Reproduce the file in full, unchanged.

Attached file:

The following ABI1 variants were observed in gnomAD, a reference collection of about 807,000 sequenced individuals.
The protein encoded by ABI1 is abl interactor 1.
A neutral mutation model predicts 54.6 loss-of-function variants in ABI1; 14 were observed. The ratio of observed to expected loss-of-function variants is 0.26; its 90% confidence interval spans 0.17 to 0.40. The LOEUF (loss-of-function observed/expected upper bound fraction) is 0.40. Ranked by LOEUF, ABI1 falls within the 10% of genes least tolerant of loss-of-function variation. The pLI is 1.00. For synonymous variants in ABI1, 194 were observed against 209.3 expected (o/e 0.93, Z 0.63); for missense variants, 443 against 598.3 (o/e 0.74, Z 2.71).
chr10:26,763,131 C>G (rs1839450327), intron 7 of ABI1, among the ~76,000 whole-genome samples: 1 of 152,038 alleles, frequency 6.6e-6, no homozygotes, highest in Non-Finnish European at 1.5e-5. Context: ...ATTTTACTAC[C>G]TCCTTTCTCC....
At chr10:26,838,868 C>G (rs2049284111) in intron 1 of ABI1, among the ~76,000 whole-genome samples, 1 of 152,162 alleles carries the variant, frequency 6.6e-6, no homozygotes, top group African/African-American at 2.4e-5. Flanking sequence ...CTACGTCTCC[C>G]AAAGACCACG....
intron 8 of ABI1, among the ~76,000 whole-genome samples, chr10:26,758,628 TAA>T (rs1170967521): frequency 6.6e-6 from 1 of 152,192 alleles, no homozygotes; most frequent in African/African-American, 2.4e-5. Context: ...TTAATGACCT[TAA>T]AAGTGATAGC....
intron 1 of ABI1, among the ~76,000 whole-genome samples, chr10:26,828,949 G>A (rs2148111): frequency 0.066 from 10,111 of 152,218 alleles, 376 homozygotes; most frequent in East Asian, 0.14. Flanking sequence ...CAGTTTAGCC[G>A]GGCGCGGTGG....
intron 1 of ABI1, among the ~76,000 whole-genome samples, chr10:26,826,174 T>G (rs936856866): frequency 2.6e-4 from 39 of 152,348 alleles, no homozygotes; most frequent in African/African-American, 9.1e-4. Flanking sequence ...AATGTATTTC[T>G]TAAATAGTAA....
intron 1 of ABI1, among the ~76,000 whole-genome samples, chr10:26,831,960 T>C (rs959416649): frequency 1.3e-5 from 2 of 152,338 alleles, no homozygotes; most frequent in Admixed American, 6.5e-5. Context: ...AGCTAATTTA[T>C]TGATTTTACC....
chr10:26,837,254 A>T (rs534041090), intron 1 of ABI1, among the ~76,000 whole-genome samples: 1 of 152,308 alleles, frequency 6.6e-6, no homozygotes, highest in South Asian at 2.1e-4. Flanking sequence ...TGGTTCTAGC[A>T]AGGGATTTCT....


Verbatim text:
The following ABI1 variants were observed in gnomAD, a reference collection of about 807,000 sequenced individuals.
The protein encoded by ABI1 is abl interactor 1.
A neutral mutation model predicts 54.6 loss-of-function variants in ABI1; 14 were observed. The ratio of observed to expected loss-of-function variants is 0.26; its 90% confidence interval spans 0.17 to 0.40. The LOEUF (loss-of-function observed/expected upper bound fraction) is 0.40. Ranked by LOEUF, ABI1 falls within the 10% of genes least tolerant of loss-of-function variation. The pLI is 1.00. For synonymous variants in ABI1, 194 were observed against 209.3 expected (o/e 0.93, Z 0.63); for missense variants, 443 against 598.3 (o/e 0.74, Z 2.71).
chr10:26,763,131 C>G (rs1839450327), intron 7 of ABI1, among the ~76,000 whole-genome samples: 1 of 152,038 alleles, frequency 6.6e-6, no homozygotes, highest in Non-Finnish European at 1.5e-5. Context: ...ATTTTACTAC[C>G]TCCTTTCTCC....
At chr10:26,838,868 C>G (rs2049284111) in intron 1 of ABI1, among the ~76,000 whole-genome samples, 1 of 152,162 alleles carries the variant, frequency 6.6e-6, no homozygotes, top group African/African-American at 2.4e-5. Flanking sequence ...CTACGTCTCC[C>G]AAAGACCACG....
intron 8 of ABI1, among the ~76,000 whole-genome samples, chr10:26,758,628 TAA>T (rs1170967521): frequency 6.6e-6 from 1 of 152,192 alleles, no homozygotes; most frequent in African/African-American, 2.4e-5. Context: ...TTAATGACCT[TAA>T]AAGTGATAGC....
intron 1 of ABI1, among the ~76,000 whole-genome samples, chr10:26,828,949 G>A (rs2148111): frequency 0.066 from 10,111 of 152,218 alleles, 376 homozygotes; most frequent in East Asian, 0.14. Flanking sequence ...CAGTTTAGCC[G>A]GGCGCGGTGG....
intron 1 of ABI1, among the ~76,000 whole-genome samples, chr10:26,826,174 T>G (rs936856866): frequency 2.6e-4 from 39 of 152,348 alleles, no homozygotes; most frequent in African/African-American, 9.1e-4. Flanking sequence ...AATGTATTTC[T>G]TAAATAGTAA....
intron 1 of ABI1, among the ~76,000 whole-genome samples, chr10:26,831,960 T>C (rs959416649): frequency 1.3e-5 from 2 of 152,338 alleles, no homozygotes; most frequent in Admixed American, 6.5e-5. Context: ...AGCTAATTTA[T>C]TGATTTTACC....
chr10:26,837,254 A>T (rs534041090), intron 1 of ABI1, among the ~76,000 whole-genome samples: 1 of 152,308 alleles, frequency 6.6e-6, no homozygotes, highest in South Asian at 2.1e-4. Flanking sequence ...TGGTTCTAGC[A>T]AGGGATTTCT....